NATIONAL FOSTER CARE MONTH; Congressional Record Vol. 158, No. 82
(Senate - June 04, 2012)

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[Pages S3689-S3690]
From the Congressional Record Online through the Government Publishing Office [www.gpo.gov]




                       NATIONAL FOSTER CARE MONTH

  Mr. BROWN of Ohio. Madam President, I ask unanimous consent the HELP 
Committee be discharged from further consideration of S. Res. 462 and 
the Senate proceed to its immediate consideration.
  The PRESIDING OFFICER. Without objection, it is so ordered.
  The clerk will report.
  The bill clerk read as follows:

       A resolution (S. Res. 462) recognizing National Foster Care 
     Month as an opportunity to raise awareness about the 
     challenges faced by children in the foster care system, 
     acknowledging the dedication of foster care parents, 
     advocates, and workers, and encouraging Congress to implement 
     policy to improve the lives of children in the foster care 
     system.

  There being no objection, the Senate proceeded to consider the 
resolution.
  Mr. BROWN of Ohio. Madam President, I further ask the resolution be 
agreed to, the preamble be agreed to, the motions to reconsider be laid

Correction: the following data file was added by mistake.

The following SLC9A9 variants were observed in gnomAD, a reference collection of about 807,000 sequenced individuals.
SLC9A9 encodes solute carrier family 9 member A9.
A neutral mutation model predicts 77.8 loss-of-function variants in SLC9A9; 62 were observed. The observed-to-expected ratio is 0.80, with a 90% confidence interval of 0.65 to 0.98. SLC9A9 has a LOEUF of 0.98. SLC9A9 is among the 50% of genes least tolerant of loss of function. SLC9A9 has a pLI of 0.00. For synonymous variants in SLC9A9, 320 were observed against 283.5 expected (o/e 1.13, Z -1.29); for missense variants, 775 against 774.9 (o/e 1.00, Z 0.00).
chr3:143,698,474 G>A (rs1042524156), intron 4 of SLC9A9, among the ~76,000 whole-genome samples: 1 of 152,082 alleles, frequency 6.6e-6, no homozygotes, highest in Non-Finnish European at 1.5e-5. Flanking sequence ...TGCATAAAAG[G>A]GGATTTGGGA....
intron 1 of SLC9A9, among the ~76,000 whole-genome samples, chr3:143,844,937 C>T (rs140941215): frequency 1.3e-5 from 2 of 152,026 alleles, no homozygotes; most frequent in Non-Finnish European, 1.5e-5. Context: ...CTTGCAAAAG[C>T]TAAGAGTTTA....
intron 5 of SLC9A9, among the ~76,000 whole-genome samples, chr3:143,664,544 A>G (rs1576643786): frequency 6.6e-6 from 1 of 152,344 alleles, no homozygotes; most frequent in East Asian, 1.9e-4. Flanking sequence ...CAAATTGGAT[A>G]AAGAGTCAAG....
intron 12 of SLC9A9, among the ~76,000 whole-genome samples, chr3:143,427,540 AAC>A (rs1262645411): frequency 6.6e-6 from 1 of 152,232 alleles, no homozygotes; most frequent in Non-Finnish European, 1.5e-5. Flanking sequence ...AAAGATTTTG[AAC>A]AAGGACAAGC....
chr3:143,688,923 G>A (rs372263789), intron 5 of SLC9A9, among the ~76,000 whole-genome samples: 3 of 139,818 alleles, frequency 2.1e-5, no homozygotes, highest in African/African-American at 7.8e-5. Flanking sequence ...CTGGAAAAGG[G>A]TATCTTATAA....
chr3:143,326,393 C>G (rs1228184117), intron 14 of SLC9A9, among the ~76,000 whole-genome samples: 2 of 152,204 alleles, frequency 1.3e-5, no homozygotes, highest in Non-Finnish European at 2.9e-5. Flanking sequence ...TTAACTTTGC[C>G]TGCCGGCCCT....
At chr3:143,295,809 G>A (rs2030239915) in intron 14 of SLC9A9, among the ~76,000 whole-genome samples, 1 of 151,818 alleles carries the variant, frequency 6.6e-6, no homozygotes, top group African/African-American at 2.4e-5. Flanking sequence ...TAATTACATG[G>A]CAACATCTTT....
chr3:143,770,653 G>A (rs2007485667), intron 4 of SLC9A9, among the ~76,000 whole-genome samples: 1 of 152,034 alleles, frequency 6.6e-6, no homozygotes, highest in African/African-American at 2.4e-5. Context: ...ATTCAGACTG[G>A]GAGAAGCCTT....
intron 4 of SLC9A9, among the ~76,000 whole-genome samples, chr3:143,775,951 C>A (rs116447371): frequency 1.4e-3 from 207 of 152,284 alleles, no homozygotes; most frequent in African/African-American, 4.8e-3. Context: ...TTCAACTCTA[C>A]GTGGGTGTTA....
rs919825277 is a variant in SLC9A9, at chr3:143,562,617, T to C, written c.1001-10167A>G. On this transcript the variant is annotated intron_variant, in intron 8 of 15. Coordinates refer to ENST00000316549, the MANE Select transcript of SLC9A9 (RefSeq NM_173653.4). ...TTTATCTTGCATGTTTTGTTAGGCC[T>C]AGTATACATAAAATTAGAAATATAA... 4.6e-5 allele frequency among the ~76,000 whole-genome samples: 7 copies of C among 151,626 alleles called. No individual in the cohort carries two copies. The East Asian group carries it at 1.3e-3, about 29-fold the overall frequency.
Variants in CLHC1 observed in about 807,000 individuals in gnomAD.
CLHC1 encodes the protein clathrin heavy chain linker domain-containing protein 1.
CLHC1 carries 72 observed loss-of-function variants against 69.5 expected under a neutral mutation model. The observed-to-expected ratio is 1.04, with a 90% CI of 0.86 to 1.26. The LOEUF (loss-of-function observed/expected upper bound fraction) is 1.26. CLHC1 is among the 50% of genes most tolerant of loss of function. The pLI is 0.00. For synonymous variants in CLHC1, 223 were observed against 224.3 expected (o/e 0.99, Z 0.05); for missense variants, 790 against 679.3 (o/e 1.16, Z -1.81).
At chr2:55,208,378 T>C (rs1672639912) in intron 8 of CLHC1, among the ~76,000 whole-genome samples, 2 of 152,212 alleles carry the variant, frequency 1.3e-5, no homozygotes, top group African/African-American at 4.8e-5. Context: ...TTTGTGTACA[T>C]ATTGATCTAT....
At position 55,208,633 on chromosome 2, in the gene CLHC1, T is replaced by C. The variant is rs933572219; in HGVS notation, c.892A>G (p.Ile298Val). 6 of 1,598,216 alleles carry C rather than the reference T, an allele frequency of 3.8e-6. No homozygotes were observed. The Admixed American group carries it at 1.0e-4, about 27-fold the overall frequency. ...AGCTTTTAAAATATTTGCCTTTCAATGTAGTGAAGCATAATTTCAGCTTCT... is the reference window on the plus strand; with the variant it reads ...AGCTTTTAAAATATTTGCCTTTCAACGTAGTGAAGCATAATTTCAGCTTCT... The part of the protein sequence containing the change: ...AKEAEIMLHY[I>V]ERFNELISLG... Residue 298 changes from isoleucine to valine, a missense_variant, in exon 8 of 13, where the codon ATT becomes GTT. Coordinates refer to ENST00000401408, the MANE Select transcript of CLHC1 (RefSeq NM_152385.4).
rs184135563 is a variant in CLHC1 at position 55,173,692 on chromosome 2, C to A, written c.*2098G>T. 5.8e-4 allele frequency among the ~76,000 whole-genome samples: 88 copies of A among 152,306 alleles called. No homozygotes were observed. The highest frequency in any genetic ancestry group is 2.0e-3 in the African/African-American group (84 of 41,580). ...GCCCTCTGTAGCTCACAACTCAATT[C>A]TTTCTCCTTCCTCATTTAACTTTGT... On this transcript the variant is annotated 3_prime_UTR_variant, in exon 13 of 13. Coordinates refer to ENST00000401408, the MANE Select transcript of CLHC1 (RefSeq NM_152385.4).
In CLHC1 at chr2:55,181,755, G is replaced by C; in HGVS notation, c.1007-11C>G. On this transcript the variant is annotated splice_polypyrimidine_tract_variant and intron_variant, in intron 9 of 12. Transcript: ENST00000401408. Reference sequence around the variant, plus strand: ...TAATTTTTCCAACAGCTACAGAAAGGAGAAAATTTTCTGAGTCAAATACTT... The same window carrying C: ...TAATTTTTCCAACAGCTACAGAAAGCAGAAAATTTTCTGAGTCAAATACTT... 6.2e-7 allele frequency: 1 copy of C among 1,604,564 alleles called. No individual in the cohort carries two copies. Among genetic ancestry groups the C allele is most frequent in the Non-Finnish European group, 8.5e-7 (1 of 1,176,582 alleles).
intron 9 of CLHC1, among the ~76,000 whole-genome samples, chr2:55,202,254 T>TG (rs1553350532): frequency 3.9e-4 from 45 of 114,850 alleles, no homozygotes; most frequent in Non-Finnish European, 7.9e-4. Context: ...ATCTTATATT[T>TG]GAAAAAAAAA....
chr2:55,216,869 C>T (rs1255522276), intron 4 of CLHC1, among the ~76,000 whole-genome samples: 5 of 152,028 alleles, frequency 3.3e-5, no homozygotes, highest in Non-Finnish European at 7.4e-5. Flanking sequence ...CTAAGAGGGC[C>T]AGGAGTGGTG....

upon the table, with no intervening action or debate, and any 
statements relating to the measure be printed in the Record.
  The PRESIDING OFFICER. Without objection, it is so ordered.
  The resolution (S. Res. 462) was agreed to.
  The preamble was agreed to.
  The resolution, with its preamble, reads as follows:

                              S. Res. 462

       Whereas National Foster Care Month was established more 
     than 20 years ago to bring foster care issues to the 
     forefront, highlight the importance of permanency for every 
     child, and recognize the essential role that foster parents, 
     social workers, and advocates have in the lives of children 
     in foster care throughout the United States;
       Whereas all children deserve a safe, loving, and permanent 
     home;
       Whereas the primary goal of the foster care system is to 
     ensure the safety and well-being of children while working to 
     provide a safe, loving, and permanent home for each child;
       Whereas there are approximately 408,000 children living in 
     foster care;
       Whereas there were approximately 254,000 youth that entered 
     the foster care system in 2010, while over 107,000 youth were 
     eligible and awaiting adoption at the end of 2010;
       Whereas children in foster care experience an average of 3 
     different placements, which often leads to disruption of 
     routines and the need to change schools and move away from 
     siblings, extended families, and familiar surroundings;